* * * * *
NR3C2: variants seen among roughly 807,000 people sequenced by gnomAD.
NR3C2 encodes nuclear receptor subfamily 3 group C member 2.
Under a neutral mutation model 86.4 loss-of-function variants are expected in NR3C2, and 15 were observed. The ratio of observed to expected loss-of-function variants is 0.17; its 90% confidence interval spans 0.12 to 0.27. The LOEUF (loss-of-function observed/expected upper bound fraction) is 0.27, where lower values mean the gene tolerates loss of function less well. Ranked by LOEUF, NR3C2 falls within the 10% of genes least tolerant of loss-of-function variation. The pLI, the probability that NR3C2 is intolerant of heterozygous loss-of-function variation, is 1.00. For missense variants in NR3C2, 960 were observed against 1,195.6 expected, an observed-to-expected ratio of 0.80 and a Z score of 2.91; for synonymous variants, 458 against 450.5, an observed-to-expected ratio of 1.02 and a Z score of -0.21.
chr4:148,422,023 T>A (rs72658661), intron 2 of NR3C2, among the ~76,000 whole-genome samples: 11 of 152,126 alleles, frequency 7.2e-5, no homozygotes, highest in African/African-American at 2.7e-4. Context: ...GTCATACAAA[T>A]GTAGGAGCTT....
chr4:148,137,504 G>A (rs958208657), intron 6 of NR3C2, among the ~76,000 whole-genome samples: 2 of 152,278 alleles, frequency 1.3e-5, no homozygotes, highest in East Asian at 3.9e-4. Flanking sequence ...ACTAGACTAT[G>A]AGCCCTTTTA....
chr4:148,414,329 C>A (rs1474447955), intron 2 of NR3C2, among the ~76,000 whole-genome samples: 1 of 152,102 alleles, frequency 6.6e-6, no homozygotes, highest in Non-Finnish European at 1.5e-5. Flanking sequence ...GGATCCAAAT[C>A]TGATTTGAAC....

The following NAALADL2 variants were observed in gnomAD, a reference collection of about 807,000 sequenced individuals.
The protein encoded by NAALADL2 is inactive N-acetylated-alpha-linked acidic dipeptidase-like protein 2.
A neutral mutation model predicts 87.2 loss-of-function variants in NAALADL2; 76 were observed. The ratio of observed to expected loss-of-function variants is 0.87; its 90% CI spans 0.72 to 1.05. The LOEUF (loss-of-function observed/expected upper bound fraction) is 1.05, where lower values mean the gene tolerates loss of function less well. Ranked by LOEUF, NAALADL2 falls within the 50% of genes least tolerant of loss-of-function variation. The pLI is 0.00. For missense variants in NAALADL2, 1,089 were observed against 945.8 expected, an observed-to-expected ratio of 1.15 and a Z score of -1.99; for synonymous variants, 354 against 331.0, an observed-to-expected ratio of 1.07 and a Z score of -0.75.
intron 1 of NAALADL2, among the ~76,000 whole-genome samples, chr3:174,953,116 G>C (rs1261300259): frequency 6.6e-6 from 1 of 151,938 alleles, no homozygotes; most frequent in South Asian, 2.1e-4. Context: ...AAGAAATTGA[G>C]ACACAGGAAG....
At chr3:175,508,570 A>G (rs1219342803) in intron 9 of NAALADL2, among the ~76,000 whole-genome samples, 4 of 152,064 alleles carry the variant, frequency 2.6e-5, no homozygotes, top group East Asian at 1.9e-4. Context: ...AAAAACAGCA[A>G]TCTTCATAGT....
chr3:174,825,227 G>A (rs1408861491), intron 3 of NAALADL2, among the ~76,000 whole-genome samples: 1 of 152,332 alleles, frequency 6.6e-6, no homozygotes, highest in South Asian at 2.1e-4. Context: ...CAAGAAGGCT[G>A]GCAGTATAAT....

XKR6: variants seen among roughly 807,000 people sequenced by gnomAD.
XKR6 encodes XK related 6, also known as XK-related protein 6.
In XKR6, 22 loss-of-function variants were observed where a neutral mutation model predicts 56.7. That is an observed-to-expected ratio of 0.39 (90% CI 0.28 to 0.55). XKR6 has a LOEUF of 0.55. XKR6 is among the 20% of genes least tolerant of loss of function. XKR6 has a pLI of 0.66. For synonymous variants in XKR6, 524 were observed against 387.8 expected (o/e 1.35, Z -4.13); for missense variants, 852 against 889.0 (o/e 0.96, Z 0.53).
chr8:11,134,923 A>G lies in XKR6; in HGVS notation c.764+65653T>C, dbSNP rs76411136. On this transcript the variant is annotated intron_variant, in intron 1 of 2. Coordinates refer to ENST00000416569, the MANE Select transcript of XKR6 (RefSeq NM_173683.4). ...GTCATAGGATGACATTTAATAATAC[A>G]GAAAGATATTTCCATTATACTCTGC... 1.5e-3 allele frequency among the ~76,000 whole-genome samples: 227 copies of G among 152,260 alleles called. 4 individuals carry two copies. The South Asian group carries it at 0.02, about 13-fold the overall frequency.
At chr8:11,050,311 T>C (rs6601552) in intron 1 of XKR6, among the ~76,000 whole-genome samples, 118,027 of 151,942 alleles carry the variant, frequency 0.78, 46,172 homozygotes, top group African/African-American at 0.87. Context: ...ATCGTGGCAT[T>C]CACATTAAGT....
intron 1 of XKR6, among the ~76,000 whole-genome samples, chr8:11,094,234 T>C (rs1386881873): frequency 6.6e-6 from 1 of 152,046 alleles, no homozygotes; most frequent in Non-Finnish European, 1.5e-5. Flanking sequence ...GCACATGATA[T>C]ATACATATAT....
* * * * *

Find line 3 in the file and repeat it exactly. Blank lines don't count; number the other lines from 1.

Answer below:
Under a neutral mutation model 86.4 loss-of-function variants are expected in NR3C2, and 15 were observed. The ratio of observed to expected loss-of-function variants is 0.17; its 90% confidence interval spans 0.12 to 0.27. The LOEUF (loss-of-function observed/expected upper bound fraction) is 0.27, where lower values mean the gene tolerates loss of function less well. Ranked by LOEUF, NR3C2 falls within the 10% of genes least tolerant of loss-of-function variation. The pLI, the probability that NR3C2 is intolerant of heterozygous loss-of-function variation, is 1.00. For missense variants in NR3C2, 960 were observed against 1,195.6 expected, an observed-to-expected ratio of 0.80 and a Z score of 2.91; for synonymous variants, 458 against 450.5, an observed-to-expected ratio of 1.02 and a Z score of -0.21.